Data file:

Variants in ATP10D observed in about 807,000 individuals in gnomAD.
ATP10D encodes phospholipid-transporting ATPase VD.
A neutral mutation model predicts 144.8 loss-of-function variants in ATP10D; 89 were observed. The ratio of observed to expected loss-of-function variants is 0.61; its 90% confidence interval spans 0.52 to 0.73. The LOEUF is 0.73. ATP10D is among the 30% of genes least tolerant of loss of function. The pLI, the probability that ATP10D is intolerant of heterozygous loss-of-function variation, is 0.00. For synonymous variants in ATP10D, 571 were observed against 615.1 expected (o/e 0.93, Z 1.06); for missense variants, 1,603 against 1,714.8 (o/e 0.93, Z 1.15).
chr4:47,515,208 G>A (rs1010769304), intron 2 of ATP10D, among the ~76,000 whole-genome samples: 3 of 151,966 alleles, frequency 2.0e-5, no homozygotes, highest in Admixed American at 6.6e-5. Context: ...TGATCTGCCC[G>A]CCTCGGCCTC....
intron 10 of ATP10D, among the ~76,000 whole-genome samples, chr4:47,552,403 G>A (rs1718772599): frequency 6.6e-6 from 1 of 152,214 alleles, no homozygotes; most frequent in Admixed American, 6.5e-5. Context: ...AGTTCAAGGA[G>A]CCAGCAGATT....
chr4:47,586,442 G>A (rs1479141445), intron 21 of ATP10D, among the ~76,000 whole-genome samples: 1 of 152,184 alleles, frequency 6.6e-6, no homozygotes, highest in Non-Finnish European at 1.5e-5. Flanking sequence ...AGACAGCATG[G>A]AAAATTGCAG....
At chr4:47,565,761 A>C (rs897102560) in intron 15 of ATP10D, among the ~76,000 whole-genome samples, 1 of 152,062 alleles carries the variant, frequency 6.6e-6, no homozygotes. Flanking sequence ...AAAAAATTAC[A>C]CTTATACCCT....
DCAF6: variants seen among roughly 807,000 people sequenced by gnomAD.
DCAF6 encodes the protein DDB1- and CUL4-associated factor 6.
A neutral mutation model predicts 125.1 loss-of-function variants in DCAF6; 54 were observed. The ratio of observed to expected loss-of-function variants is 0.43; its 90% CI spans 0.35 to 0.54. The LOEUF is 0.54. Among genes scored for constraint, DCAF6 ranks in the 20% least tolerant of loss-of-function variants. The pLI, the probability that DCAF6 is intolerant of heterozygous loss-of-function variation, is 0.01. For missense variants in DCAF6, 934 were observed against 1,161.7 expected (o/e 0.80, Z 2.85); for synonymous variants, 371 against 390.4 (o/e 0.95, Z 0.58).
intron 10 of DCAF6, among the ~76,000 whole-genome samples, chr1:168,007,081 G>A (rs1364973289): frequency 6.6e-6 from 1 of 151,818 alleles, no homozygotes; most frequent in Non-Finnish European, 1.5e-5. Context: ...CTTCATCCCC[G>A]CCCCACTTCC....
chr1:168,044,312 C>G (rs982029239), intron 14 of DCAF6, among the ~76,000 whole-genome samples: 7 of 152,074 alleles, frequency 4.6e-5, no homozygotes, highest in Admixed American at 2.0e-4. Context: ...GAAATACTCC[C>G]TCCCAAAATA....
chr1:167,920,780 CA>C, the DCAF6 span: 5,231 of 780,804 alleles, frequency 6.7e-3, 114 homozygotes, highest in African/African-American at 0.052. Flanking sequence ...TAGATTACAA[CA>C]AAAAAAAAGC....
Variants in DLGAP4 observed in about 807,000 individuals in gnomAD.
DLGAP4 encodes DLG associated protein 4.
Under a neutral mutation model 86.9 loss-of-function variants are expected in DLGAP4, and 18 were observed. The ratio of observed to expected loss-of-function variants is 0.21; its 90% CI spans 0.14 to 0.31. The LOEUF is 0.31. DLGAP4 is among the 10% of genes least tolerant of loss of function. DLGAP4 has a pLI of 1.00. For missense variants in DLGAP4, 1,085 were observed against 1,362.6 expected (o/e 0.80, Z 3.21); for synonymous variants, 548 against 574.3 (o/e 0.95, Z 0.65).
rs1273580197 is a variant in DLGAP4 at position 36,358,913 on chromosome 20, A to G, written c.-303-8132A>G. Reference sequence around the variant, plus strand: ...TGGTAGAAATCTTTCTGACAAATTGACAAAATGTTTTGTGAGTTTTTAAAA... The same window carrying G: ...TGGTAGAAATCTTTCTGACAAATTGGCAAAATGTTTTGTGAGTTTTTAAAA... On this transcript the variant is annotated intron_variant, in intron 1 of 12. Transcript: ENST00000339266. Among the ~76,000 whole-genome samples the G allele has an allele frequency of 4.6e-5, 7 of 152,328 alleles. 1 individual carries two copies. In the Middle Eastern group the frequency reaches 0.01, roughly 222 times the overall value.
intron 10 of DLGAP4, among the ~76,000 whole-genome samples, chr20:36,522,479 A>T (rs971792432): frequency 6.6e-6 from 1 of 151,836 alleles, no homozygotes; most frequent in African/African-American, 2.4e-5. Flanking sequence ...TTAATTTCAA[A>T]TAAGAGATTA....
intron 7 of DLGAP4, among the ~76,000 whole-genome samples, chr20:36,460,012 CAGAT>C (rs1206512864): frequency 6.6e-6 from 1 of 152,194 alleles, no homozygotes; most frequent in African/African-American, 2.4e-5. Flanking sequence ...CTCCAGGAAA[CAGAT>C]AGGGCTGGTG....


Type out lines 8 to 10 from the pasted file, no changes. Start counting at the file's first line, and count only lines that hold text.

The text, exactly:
DCAF6: variants seen among roughly 807,000 people sequenced by gnomAD.
DCAF6 encodes the protein DDB1- and CUL4-associated factor 6.
A neutral mutation model predicts 125.1 loss-of-function variants in DCAF6; 54 were observed. The ratio of observed to expected loss-of-function variants is 0.43; its 90% CI spans 0.35 to 0.54. The LOEUF is 0.54. Among genes scored for constraint, DCAF6 ranks in the 20% least tolerant of loss-of-function variants. The pLI, the probability that DCAF6 is intolerant of heterozygous loss-of-function variation, is 0.01. For missense variants in DCAF6, 934 were observed against 1,161.7 expected (o/e 0.80, Z 2.85); for synonymous variants, 371 against 390.4 (o/e 0.95, Z 0.58).